I guess, if possible, I would prefer to avoid a back column of holes
since it will be visible (even though pretty perhaps with the
sleeves). The holes on the sides will be less visible due to a
combination of the angle and the fact that the face frame will overlap
the sides by about 1/2" or so.
I'm thinking that I will build without a middle back column of pins
and only add later if sag seems to be a developing problem.
Sleeves will definitely add tear out prevention strength to your shelves and
are pretty cheap. I'd buy a small package of sleeves and use several to make
a mock up side to see if they're visually appealing enough to you.
When it comes to installing them, instead of hammering them in place, I've
found that you can make a neater installation by using a sleeve setting
punch and a clamp to press them into place.
Tight fit only. In over 20 years of using sleeves in plywood, softwood and
hardwood, I've never had a sleeve come out or even noticed one start to come
out. The pressure is sufficient to hold them. Also too, if I'm going to
paint or stain or finish in any way, I do all that first with the sleeves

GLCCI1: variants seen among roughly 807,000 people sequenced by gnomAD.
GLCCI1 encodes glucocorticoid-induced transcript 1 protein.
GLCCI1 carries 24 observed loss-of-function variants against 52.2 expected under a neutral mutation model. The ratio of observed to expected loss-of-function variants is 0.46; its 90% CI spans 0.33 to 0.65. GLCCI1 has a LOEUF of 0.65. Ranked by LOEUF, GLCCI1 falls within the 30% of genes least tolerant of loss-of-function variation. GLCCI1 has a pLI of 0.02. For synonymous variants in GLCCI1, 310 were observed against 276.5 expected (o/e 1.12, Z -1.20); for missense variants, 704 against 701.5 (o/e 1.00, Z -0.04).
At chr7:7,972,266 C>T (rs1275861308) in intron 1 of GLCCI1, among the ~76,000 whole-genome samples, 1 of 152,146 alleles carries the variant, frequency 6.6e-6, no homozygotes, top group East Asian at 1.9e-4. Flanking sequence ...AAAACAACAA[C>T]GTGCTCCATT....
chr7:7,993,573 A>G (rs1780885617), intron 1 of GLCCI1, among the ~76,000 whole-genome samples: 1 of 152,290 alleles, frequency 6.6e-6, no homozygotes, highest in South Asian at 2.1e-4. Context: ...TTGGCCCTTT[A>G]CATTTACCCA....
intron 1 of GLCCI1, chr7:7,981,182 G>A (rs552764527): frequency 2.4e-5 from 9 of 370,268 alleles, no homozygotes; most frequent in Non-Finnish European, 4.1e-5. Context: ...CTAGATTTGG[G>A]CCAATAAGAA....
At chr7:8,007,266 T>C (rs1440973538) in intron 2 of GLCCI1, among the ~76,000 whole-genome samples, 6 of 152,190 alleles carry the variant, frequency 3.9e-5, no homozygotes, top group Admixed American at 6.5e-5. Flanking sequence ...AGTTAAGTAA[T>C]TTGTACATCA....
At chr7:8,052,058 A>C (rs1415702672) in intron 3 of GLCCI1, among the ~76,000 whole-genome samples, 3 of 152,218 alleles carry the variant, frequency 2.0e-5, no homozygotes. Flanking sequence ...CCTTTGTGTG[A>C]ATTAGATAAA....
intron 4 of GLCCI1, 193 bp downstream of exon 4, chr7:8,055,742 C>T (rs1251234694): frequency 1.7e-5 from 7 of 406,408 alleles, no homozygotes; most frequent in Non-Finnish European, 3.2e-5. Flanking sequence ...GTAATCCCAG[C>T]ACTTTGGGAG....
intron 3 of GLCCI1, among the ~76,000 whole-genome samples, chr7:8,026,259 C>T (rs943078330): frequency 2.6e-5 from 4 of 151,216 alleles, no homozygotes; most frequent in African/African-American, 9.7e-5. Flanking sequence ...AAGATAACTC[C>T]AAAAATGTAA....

being one of the last parts of the construction process. Even with slight
splinters caused by drilling the holes for the sleeves, the outer, wider
edge of a sleeve finishes off a hole very nicely if it is pressed hard
enough into the hole to make it flush with the surface.
Some points haven't been covered by other replies; first, in terms of
double 3/4" plywood has the same stiffness as double 1/4" plywood with
space (glued lightweight ribs or hardwood at the pin-stress points) of
about 1.25 inch.
Overall height of the sandwich is then 1.75 i nch... but there's a
lot less shelf
weight and cost.
Also, the pins are stressed downward at the face of the upright, BUT
they tilt slightly
and the pins actually press upward at their deepest point, so your load
is carried on the
surface area of (roughly) the width of the pin times half its depth in
the upright. That is
why a pressed-in collar is such a good idea (the area of the collar is
larger, and if the
tilt of the pin doesn't deform the collar, the useful area is doubled
For heavy timbers, where stresses are near the material limits, pins
instead one makes a circular cut and presses a ring (like a pipe
section) into it. The shelf
depth would tolerate 3/4" pipe sections instead of little pins, and
with suitable (hardwood)
trim at the composite plywood endcaps, Forstner drill/routing a recess
to hide the pin
would be easy enough.
I've always hated high-stress points, like metal pins in wood, because
and changes in moisture can crush the wood so easily. Even if it
doesn't fail soon
enough to catch in a test, it WILL fail.
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